Project Print Management wraps a gymnasium's exterior to create an oasis for learning and play.
The courtyard welcoming children, parents, and teachers to the entrance of William Morris Primary School in the London Borough of Merton once resembled a warehouse building, with a large, uninviting red brick wall – the gymnasium – as the main focal point. Most local residents didn’t even know the grade school existed. Now, however, thanks to UK’s Project Print Management (PPM, www.projectprintmanagement.co.uk), the courtyard resembles an “oasis” for visitors to meet, learn, and play in an approachable environment.
The William Morris Primary School is named after the famous designer and writer who had a workshop in Merton Abbey Mills. He was famous for his floral repeat patterns in fabric and wallpaper designs in the late 19th century. To pay homage to the designer and the school namesake, Justin Murray of PPM decided to cover the gym building with a giant William Morris print.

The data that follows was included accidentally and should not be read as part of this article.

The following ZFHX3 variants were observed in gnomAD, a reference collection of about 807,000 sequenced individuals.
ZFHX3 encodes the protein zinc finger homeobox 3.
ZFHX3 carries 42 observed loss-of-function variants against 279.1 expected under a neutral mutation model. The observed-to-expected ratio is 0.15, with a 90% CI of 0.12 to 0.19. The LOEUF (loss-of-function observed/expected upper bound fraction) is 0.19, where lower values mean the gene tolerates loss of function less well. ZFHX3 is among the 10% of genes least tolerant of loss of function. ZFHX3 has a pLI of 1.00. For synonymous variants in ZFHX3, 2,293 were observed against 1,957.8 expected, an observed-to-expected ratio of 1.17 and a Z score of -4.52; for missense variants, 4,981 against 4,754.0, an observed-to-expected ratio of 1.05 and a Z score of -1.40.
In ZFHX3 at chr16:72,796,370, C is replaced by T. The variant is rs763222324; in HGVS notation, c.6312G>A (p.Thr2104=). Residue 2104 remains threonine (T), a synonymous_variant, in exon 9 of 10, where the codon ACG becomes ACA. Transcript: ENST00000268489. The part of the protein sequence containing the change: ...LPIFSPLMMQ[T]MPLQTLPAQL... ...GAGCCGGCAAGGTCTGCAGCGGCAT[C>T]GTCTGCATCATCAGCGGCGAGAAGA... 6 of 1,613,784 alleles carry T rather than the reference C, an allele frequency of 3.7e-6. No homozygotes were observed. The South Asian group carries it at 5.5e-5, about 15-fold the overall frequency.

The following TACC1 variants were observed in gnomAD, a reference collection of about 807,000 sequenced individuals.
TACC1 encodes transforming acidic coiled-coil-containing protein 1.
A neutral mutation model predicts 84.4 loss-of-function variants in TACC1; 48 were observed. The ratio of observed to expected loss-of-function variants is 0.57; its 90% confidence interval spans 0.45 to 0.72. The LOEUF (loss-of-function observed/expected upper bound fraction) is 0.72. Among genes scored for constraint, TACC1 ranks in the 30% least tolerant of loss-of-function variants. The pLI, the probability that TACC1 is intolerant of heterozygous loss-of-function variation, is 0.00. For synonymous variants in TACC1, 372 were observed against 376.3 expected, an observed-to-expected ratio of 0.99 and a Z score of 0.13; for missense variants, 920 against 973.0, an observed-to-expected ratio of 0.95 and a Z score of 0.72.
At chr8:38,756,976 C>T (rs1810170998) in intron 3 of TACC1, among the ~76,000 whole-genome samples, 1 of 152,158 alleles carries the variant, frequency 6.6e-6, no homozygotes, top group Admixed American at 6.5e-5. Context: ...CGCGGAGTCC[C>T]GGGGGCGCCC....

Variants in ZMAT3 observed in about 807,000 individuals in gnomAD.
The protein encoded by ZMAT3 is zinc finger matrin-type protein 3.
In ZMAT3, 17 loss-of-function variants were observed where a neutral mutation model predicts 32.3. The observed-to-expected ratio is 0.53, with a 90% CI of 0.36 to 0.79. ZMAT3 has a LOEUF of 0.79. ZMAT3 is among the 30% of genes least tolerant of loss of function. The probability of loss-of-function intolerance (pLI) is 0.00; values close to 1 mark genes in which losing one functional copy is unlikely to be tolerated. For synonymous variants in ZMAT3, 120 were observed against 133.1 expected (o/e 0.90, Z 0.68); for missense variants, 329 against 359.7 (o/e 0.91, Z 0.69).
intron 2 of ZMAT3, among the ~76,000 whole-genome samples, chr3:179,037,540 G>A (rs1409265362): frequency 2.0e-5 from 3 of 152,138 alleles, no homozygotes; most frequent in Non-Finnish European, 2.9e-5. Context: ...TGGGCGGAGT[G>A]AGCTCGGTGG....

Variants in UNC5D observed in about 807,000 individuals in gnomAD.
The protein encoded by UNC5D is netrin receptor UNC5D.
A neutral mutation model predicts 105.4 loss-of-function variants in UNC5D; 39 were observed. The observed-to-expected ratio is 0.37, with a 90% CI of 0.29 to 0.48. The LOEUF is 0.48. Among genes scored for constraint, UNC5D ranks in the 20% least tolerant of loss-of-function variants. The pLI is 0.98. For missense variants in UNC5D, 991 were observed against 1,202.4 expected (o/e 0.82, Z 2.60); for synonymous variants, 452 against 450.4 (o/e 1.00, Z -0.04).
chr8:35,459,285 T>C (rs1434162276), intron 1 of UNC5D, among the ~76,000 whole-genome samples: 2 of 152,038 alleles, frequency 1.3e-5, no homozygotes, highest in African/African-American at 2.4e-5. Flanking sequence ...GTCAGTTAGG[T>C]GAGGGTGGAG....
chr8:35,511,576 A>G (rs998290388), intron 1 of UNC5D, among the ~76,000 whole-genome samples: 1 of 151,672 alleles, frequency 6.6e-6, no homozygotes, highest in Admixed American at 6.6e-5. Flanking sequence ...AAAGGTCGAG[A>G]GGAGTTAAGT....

Design agency Nigel Abbey Design Consultants based in Thames Dittion, provided the image files to PPM; Murray then modified the files “to ensure the best possible color from the poor file, given the overall size,” he says. A full-size sample of the print was then output and given to the school to sign off on the print, color, quality, and material.
The material chosen for the three-sided gym wrap was Multiplanel Alupanel aluminum composite panels. “Aluminum composite [offers] longevity … and ease to work with on site,” says Murray. The design was then printed, using an Inca Spyder V UV flatbed with Fujifilm Sericol inks, totaling 656 square feet of material and taking three days to complete.
For finishing, PPM used an anti-graffiti laminate because “panels are in a playground and children will be getting [their] muddy little hands on it,” says Murray.
The panels were installed via affixing to a lattice of timber battens. Once the panels had been installed, a self-adhesive cut vinyl was applied with the school’s name.
The finishing touch, however, was the inner courtyard, remodeled by laying colored artificial grass in a William Morris-inspired pattern to resemble an oasis in the middle of a sandy desert, and concrete benches were placed throughout. “As you can see in the photos, the colorful flooring brightens the area up which complements the digitally printed aluminum composite panel cladding installed by PPM,” says Murray on his blog.